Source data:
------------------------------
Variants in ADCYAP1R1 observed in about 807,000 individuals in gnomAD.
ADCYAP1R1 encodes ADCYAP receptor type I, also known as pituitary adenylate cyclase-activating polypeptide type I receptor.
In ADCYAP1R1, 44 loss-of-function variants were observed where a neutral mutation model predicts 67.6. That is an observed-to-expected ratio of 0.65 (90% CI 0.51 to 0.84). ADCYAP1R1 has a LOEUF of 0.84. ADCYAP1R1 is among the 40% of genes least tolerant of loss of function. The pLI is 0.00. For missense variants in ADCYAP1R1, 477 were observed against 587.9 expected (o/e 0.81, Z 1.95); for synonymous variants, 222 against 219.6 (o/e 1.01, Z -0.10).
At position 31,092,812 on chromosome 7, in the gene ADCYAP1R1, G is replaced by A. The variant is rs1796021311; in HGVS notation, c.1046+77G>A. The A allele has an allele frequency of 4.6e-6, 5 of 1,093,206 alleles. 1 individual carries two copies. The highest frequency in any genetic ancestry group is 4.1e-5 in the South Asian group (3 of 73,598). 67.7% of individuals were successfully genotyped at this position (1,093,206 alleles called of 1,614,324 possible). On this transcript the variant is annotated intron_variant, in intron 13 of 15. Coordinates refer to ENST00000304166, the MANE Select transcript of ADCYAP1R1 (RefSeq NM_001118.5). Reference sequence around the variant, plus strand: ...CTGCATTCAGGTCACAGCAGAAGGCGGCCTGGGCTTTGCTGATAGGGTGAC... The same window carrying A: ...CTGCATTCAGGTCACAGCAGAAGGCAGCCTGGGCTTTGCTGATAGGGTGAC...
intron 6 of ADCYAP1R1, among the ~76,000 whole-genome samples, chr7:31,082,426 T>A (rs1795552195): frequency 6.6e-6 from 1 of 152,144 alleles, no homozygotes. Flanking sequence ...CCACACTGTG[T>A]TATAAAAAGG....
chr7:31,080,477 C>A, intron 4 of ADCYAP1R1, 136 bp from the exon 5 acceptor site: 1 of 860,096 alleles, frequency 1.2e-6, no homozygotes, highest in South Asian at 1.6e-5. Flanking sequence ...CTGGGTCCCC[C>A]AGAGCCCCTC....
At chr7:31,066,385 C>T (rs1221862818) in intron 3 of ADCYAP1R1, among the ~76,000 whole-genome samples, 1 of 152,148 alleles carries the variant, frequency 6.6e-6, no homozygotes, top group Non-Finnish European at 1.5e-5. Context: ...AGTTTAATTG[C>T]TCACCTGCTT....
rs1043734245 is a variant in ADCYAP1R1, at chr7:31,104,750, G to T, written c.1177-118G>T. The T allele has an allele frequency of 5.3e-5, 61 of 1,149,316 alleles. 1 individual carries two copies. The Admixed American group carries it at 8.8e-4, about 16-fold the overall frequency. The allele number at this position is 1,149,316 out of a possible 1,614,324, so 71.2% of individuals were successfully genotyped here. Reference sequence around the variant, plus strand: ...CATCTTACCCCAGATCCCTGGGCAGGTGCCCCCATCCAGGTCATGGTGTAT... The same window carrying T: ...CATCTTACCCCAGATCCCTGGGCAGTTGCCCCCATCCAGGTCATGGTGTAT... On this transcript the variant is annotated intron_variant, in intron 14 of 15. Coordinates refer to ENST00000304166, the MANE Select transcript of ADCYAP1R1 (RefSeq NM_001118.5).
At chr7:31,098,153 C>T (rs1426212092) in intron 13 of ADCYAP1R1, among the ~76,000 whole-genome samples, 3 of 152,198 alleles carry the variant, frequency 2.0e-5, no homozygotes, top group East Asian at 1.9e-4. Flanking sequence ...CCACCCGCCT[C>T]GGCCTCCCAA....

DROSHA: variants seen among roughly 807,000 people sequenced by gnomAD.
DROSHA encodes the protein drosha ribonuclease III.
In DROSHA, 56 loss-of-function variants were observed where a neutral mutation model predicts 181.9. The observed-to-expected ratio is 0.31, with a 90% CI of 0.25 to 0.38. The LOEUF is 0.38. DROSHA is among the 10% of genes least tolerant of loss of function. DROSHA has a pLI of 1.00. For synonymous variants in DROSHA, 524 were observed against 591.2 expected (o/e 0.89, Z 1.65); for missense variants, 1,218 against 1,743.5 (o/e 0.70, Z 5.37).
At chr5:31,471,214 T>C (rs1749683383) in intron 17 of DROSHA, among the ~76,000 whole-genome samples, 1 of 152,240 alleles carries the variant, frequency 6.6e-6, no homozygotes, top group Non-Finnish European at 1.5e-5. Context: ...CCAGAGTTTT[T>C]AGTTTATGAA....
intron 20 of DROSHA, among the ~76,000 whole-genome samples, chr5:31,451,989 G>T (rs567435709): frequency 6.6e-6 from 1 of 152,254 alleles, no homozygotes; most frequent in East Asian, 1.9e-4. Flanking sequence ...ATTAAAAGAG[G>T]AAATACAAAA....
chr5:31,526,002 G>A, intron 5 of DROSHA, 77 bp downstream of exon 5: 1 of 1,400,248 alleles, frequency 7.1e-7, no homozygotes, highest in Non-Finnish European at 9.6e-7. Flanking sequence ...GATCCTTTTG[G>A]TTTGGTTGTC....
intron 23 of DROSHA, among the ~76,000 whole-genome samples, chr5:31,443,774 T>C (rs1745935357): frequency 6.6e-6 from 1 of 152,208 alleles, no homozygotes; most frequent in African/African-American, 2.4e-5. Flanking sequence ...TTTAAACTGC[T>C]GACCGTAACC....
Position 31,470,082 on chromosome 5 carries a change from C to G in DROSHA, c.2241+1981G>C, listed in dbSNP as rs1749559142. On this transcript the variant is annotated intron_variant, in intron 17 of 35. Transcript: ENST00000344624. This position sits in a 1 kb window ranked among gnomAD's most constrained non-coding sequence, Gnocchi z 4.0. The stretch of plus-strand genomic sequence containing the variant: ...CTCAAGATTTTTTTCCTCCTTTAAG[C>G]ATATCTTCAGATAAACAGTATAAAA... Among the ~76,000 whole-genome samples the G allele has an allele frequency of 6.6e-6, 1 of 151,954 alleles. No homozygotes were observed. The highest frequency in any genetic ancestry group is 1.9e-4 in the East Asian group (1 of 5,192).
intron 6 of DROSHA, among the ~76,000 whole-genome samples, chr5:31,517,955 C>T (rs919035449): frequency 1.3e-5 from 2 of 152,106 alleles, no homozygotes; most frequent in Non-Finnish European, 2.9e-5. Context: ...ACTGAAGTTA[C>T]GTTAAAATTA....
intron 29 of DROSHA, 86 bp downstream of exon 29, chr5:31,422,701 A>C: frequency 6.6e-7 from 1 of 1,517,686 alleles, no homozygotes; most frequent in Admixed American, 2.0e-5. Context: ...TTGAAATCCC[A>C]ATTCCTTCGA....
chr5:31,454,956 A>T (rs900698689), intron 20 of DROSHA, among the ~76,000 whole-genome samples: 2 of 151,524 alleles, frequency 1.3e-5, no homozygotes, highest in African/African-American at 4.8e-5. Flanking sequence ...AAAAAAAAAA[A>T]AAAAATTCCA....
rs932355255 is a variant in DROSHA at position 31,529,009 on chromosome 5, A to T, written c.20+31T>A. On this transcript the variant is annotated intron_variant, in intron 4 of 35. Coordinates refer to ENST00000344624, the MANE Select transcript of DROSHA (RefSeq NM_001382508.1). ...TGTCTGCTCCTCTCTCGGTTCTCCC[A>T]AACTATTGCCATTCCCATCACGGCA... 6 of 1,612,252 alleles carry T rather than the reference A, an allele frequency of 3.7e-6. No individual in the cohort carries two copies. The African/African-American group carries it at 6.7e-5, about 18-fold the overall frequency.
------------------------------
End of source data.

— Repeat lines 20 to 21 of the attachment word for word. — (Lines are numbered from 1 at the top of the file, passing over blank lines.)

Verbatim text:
chr5:31,454,956 A>T (rs900698689), intron 20 of DROSHA, among the ~76,000 whole-genome samples: 2 of 151,524 alleles, frequency 1.3e-5, no homozygotes, highest in African/African-American at 4.8e-5. Flanking sequence ...AAAAAAAAAA[A>T]AAAAATTCCA....
rs932355255 is a variant in DROSHA at position 31,529,009 on chromosome 5, A to T, written c.20+31T>A. On this transcript the variant is annotated intron_variant, in intron 4 of 35. Coordinates refer to ENST00000344624, the MANE Select transcript of DROSHA (RefSeq NM_001382508.1). ...TGTCTGCTCCTCTCTCGGTTCTCCC[A>T]AACTATTGCCATTCCCATCACGGCA... 6 of 1,612,252 alleles carry T rather than the reference A, an allele frequency of 3.7e-6. No individual in the cohort carries two copies. The African/African-American group carries it at 6.7e-5, about 18-fold the overall frequency.